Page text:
The steady stream of legal jargon that flows during divorce can be overwhelming for couples. By familiarizing themselves with the terms commonly used in family law, divorcing couples can better understand the progress of their cases. Asking a family law attorney what those terms mean could help the divorce process run smoother.
Getting Down to the Basics
The state where the divorce takes place is called the jurisdiction. The laws regarding divorce differ from state-to-state. Illinois is a no-fault divorce state. Neither spouse must prove that the other did something wrong like adultery, cruelty, or abandonment to request a divorce. Since the 2016 revision of the state’s divorce statute, the only valid reason for divorcing in Illinois is irreconcilable differences, meaning that the couple is unable to agree on matters within their marriage and do not foresee ever being able to again.
When children are involved, the term allocation of parental responsibility is now used instead of custody. Child support is still the money paid by a supporting parent to help provide for the children. The parent who receives child support is called the non-supporting parent.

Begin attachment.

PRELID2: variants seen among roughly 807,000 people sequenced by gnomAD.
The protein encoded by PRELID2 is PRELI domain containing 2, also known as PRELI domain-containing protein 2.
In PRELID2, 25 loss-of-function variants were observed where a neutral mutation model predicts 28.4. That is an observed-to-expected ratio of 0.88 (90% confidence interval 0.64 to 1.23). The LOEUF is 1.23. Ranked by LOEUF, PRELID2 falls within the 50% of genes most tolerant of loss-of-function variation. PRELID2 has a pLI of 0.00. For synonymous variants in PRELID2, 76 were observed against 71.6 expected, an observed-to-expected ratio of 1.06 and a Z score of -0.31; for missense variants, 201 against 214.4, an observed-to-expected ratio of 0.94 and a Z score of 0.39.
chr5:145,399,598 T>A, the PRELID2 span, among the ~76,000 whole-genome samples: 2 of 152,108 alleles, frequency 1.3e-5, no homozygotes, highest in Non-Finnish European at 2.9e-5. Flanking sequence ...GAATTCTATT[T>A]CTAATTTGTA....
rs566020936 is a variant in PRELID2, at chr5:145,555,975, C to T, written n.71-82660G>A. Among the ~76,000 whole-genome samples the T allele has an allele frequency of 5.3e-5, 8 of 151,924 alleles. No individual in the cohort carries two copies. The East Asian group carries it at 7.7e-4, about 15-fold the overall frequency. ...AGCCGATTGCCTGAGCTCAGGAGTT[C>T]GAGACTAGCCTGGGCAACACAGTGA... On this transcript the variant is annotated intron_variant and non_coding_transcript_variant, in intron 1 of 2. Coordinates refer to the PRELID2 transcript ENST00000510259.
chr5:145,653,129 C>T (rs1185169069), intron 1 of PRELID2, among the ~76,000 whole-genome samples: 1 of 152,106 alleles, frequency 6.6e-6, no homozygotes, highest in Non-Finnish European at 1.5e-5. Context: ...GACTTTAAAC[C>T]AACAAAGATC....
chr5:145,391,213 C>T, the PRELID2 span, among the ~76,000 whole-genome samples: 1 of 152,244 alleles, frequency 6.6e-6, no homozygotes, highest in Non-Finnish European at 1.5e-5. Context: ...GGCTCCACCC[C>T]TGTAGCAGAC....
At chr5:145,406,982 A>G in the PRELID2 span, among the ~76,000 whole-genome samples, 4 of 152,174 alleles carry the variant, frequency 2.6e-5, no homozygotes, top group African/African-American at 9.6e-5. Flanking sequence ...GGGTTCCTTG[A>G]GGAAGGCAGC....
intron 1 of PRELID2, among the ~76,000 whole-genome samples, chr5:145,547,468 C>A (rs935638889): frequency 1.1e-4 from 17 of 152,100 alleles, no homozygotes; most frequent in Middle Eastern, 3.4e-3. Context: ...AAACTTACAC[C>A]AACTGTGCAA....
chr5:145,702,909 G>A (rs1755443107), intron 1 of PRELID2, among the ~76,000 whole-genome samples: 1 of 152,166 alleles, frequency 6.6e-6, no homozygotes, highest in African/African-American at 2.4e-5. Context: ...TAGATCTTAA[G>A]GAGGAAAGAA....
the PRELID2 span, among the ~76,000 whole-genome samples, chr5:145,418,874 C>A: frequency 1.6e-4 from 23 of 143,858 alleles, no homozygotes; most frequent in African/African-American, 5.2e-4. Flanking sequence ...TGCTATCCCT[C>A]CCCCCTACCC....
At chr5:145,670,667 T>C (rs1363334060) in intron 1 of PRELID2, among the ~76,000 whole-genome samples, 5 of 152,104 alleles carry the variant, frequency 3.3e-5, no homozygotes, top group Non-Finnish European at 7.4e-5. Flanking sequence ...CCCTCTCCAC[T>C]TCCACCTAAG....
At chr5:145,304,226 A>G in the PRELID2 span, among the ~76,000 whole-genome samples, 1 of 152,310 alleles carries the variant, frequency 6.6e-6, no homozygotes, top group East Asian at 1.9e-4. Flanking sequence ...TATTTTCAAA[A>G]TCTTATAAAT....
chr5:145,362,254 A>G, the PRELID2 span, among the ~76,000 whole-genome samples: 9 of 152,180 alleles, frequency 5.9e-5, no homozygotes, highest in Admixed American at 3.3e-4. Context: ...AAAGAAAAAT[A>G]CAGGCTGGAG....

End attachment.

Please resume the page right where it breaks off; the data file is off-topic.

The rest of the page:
The term alimony is no longer used. Instead, when one spouse has been ordered by the court to pay the other support, it is now called maintenance money.
Ways to Divorce
When both spouses agree to uncouple, fairly divide their assets, and divide the responsibilities of raising their children, it can be considered an uncontested divorce. Sometimes a little help is needed to come to an agreement/settlement on the terms of the divorce. One way is to enter into mediation with a third party who can assist both with coming to an agreement. Another is to go through the collaborative divorce process. This is where both spouses and their attorneys negotiate to come to an agreement.
Not all divorces go smoothly. In a contested divorce, both spouses and their attorneys may need to go to trial, which is a formal court proceeding. Before this happens, depositions and discovery take place to prepare evidence before going in front of a judge. Motions are filed with the court to request some type of relief, such as alimony, child support, attorney’s fees, or equitable division of marital assets.
The court sets a date for the hearing. This is where the evidence is presented and sworn testimony is heard from the divorcing spouses, witnesses, and sometimes experts involved in the case. Based on the evidence presented, the judge issues and signs his or her court order, which is then filed with the court.